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Am J Health Syst Pharm. 2011 Dec 1;68(23):2276-82. doi: 10.2146/ajhp110120.

Clinical and economic analysis of short-course versus standard-course antithymocyte globulin (rabbit) induction therapy in deceased-donor renal transplant recipients.

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Department of Pharmacy, Montefiore Medical Center, Bronx, NY 10467, USA.



The immunosuppressive effects of and costs associated with short-course antithymocyte globulin rabbit (ATG [rabbit]) therapy versus standard-course ATG (rabbit) therapy in deceased-donor renal transplant recipients were evaluated.


The records of 84 consecutive patients who received a deceased-donor renal transplant at the Montefiore Einstein Center for Transplantation in 2008 were retrospectively reviewed. Donor and recipient characteristics, including rates of biopsy-confirmed acute rejection, serum creatinine (SCr) levels, and frequency of complications, and drug costs were collected. Patients were excluded if they had donor-specific antibodies identified before transplantation or hepatitis-C-positive serology or were under 18 years of age.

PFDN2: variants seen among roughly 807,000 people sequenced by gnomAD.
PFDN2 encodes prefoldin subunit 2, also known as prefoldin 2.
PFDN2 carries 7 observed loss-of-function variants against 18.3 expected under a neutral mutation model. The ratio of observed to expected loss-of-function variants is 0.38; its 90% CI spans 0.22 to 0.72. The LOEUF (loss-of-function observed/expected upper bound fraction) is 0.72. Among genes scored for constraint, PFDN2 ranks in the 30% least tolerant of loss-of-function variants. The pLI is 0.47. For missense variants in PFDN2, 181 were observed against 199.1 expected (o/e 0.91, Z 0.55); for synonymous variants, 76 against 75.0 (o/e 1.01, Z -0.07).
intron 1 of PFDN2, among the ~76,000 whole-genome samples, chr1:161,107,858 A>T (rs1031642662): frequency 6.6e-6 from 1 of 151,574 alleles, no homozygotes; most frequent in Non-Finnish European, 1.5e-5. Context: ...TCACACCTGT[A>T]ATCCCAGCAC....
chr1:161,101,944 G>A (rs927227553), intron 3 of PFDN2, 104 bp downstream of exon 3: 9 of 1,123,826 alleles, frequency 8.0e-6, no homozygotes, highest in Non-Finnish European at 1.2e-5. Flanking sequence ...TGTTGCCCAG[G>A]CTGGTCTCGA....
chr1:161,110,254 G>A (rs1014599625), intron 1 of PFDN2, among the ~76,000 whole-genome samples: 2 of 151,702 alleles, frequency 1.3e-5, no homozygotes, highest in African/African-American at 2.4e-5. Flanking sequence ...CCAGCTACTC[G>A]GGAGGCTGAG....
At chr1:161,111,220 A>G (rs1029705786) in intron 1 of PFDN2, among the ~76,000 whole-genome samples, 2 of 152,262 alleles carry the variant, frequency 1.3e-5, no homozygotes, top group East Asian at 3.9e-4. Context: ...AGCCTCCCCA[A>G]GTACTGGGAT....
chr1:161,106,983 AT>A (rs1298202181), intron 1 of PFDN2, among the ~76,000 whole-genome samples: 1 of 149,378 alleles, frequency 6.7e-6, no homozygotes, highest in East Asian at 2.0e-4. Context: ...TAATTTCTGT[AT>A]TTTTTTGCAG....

A total of 60 patients were included in the study, with 28 receiving short-course ATG (rabbit) therapy and 32 receiving standard-course ATG (rabbit) therapy. Baseline patient demographic characteristics were similar between groups. Six months after transplantation, biopsy-confirmed acute rejection episodes did not significantly differ between the short-course ATG (rabbit) and standard-course ATG (rabbit) groups (17.8% versus 12.5%, respectively), nor did SCr concentrations (1.56 mg/dL versus 1.85 mg/dL). The frequency of therapy-related leukopenia was greater in patients receiving standard-course ATG (rabbit). Patients treated with short-course ATG (rabbit) received a total mean dose of 4.6 mg/kg, compared with 7.3 mg/kg for patients in the standard-course ATG (rabbit) group, resulting in a mean cost saving of $2548 per patient.


After six months, there were no significant differences in biopsy- confirmed acute rejection episodes or SCr levels between deceased-donor renal transplant recipients receiving short-course versus standard-course ATG (rabbit) induction therapy. The mean cost saving associated with short-course therapy was $2548 per patient.

[Indexed for MEDLINE]

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